Mouse embryonic fibroblasts (MEFs) were cultured overnight on fibronectin-coated mPADs of either soft (5 kPa) or stiff (14 kPa) elastic modulus. A significant advantage of mPADs over traction force microscopy methods using deformable bulk gels is that the deflection for a particular post is independent from deflections of other posts, allowing isolation of forces and signaling events to the FA of interest. Because cell fixation can affect pillar deflections, we developed an optimized fixation protocol that preserves traction forces for cells on mPADs (Supplementary Fig. 1). Cells on mPADs were fixed and immunostained for total FAK (tFAK) and FAK phosphorylated at Y397 (pY397-FAK) at FAs (Fig. 1a-e, Supplementary Fig. 2). The integrated intensity (sum of intensities over the FA) for tFAK and pY397-FAK was quantified by confocal microscopy at individual FAs adhering to microposts with known deflections. In this fashion, we constructed spatial heat maps of force and tFAK (Fig. 1f,h) and pY397-FAK (Fig. 1g,i) integrated intensity for individual FAs on soft and stiff mPADs. Cells generate lower average traction forces at FAs on soft substrates (Fig. 1j) compared to stiff substrates (P<0.0001, Fig. 1m). Treatment with the ROCK inhibitor Y-27632 to impair myosin contractility significantly reduces traction forces on both soft (P<0.0001, Fig. 1j) and stiff (P<0.0001, Fig. 1m) substrates, whereas treatment with the FAK kinase inhibitor, PF-228, has no effect on traction forces on either soft (P=0.4013, Fig. 1j) or stiff (P>0.9999, Fig. 1m) substrates. No differences in average levels of tFAK (P=0.6526, Fig. 1k,n) or pY397-FAK (P=0.1655, Fig. 1l,o) at FAs were observed between soft and stiff substrates, but treatment with either Y-27632 or PF-228 reduced both tFAK (soft: Y-27632 P=0.0032, PF-228 P=0.0195, Fig. 1k; stiff: Y-27632 P<0.0001, PF-288 P=0.0004, Fig. 1n) and pY397-FAK (soft: Y-27632 P=0.0002, PF-228 P<0.0001, Fig. 1l; stiff: Y-27632 P<0.0001, PF-228 P=0.0146, Fig. 1o) levels at FAs compared to controls. These results are consistent with reports that cells generate higher traction forces, which are dependent on actomyosin contractility but not FAK kinase activity15,20, on stiff compared to soft substrates and that inhibition of actomyosin contractility reduces FAK localization and Y397 phosphorylation at FAs12,20,21. Notably, the spatial heat maps for cells adhering to stiff mPADs show that FAs with high forces also have high levels of tFAK and pY397-FAK (Fig. 1h,i). We therefore plotted traction force vs. tFAK (Fig. 1p,r) and traction force vs. pY397-FAK (Fig. 1q,s) for individual FAs for soft and stiff mPADs. Strikingly, tFAK and pY397-FAK levels both increase linearly with traction force at FAs for cells on stiff substrates (linear regression force-tFAK P<0.0001; force-pY397-FAK P<0.0001, Fig. 1r,s), but there is no relationship between force and tFAK (P=0.1230) or force and pY397-FAK (P=0.1072) on soft substrates (Fig. 1p,q). Treatment with either Y-27632 or PF-228 disrupts the linear relationship on stiff substrates for force-tFAK (Fig. 1r, Y-27632 P=0.8896, PF-228 P=0.2084) and force-pY397-FAK (Fig. 1s, Y-27632 P=0.7986, PF-228 P=0.2260), indicating that actomyosin contractility and FAK catalytic activity are required for linear force-FAK signaling coupling at FAs. The linear relationships for force-tFAK and force-pY397-FAK were observed across multiple cells (Supplementary Fig. 3) as well as in human mesenchymal stem cells (Supplementary Fig. 4). In addition, fibroblasts adhering to 25 kPa mPADs also display linear force-FAK signaling coupling (Supplementary Fig. 5). Furthermore, treatment with the Src-family kinase inhibitor PP2 does not alter traction forces compared to controls (P=0.2541) and does not disrupt the force-tFAK and force-pY397-FAK linear relationships (Supplementary Fig. 6).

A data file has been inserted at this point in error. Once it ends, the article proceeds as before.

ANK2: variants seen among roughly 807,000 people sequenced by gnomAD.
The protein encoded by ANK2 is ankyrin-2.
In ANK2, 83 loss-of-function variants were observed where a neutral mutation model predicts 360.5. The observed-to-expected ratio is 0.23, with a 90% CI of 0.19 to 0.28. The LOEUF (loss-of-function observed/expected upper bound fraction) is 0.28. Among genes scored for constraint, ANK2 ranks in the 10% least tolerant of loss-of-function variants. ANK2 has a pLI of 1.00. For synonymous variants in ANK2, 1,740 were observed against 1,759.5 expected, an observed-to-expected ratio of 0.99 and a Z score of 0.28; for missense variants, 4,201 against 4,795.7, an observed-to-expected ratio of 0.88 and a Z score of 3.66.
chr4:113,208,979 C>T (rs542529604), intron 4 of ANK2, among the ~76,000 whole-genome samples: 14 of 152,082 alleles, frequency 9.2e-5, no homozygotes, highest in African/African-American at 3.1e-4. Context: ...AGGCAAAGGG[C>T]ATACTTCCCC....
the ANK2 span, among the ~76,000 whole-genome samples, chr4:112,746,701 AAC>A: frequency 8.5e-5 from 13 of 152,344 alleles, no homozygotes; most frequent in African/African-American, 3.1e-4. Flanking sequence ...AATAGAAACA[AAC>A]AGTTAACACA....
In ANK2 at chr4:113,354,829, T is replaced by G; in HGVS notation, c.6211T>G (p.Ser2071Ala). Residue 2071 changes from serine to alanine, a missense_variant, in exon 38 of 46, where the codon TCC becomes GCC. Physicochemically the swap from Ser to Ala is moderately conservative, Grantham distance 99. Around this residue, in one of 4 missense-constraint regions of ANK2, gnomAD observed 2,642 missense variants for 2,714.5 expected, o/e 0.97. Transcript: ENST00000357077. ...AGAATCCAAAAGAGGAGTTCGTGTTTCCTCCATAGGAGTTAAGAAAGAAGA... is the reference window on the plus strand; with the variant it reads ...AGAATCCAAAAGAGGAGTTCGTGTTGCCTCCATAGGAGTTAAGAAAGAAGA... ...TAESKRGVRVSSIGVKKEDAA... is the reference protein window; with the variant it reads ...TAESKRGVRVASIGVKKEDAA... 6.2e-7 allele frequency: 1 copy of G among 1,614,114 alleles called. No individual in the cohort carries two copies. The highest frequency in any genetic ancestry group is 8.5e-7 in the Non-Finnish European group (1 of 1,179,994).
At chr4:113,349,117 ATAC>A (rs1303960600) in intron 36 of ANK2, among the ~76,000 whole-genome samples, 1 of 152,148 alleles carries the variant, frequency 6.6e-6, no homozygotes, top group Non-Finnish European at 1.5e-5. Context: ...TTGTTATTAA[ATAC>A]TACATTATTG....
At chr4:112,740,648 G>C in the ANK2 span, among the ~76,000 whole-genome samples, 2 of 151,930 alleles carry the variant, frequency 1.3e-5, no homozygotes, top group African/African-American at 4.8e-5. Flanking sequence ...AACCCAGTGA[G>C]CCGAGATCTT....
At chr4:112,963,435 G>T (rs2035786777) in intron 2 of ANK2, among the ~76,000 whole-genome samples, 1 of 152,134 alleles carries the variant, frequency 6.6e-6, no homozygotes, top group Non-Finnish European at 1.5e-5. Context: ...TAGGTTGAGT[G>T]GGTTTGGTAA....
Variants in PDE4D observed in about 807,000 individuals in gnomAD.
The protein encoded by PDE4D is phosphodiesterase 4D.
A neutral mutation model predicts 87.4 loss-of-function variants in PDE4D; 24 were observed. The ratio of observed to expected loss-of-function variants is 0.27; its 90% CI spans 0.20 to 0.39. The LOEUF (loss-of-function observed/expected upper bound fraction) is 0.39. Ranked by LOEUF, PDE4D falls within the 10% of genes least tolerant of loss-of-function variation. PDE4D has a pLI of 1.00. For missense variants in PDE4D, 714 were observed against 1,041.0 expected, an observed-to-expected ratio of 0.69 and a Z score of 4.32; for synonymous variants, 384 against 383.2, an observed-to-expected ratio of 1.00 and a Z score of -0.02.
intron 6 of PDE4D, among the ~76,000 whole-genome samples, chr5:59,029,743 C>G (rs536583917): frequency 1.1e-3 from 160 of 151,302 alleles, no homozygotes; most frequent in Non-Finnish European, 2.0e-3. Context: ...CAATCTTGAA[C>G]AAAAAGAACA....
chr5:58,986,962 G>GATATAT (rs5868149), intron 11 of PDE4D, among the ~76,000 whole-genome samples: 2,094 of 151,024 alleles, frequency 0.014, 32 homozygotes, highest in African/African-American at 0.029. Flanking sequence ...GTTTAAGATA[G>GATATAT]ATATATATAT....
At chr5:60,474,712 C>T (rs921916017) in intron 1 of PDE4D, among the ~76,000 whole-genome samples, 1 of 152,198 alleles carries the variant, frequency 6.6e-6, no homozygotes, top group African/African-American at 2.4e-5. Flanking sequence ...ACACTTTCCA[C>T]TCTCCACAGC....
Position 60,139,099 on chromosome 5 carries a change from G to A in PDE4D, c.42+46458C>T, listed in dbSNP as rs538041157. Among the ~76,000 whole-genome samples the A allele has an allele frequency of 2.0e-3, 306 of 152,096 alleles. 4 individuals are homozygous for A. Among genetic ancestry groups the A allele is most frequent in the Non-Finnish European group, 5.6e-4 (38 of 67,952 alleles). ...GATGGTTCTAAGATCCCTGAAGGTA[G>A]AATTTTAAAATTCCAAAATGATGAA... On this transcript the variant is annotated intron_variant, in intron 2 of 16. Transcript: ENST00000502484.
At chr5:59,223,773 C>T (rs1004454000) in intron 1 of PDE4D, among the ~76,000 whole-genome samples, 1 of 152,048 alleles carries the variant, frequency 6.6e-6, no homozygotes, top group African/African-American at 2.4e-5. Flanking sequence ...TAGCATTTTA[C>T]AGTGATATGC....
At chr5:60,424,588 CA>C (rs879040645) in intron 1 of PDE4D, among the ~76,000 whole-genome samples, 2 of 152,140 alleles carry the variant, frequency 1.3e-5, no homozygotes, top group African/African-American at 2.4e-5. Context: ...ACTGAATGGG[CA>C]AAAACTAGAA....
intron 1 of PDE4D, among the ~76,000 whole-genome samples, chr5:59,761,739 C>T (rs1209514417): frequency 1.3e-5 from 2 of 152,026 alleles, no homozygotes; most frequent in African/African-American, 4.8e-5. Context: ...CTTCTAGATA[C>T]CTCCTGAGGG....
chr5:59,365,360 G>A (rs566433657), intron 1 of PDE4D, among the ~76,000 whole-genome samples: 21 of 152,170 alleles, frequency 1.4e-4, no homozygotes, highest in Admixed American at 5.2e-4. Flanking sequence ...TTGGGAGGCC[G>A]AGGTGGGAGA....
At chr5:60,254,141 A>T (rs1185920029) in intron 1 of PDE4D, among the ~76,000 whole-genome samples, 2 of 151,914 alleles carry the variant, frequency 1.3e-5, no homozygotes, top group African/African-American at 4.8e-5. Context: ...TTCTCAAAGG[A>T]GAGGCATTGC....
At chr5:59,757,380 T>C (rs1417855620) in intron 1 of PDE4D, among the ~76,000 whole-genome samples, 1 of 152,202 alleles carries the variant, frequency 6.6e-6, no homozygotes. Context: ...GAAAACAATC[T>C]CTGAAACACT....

We examined the contributions of talin, an essential FA component regulating integrin receptor activation and connection to the cytoskeleton22-24, to force-FAK signaling coupling on stiff (14 kPa) mPADs. Treatment with talin-1 shRNA reduces talin-1 levels by 90% and total talin (talin-1 and talin-2) levels by 60% compared to control shRNA (Supplementary Fig. 7). Talin-1 knock-down clearly impacts traction forces, tFAK levels, and pY397-FAK levels at FAs (Fig. 2a-d). Talin-1 depletion reduces total traction force (Fig. 2e, P=0.0005) and average levels of tFAK (Fig. 2f, P<0.0001) and pY397-FAK (Fig. 2g, P<0.0001) at FAs as well as cell spreading area (P=0.0014, Supplementary Fig. 7), consistent with previous reports14. Importantly, talin-1 depletion eliminates the linear relationship for force-tFAK (Fig. 2h, P=0.6061) and force-pY397-FAK (Fig. 2i, P=0.2421). Although we cannot conclude whether talin-2 compensates for talin-1 depletion, these results demonstrate that talin-1 depletion significantly reduces traction forces, FAK localization and Y397 phosphorylation and, importantly, that talin-1 is required for linear force-FAK signaling coupling at individual FAs.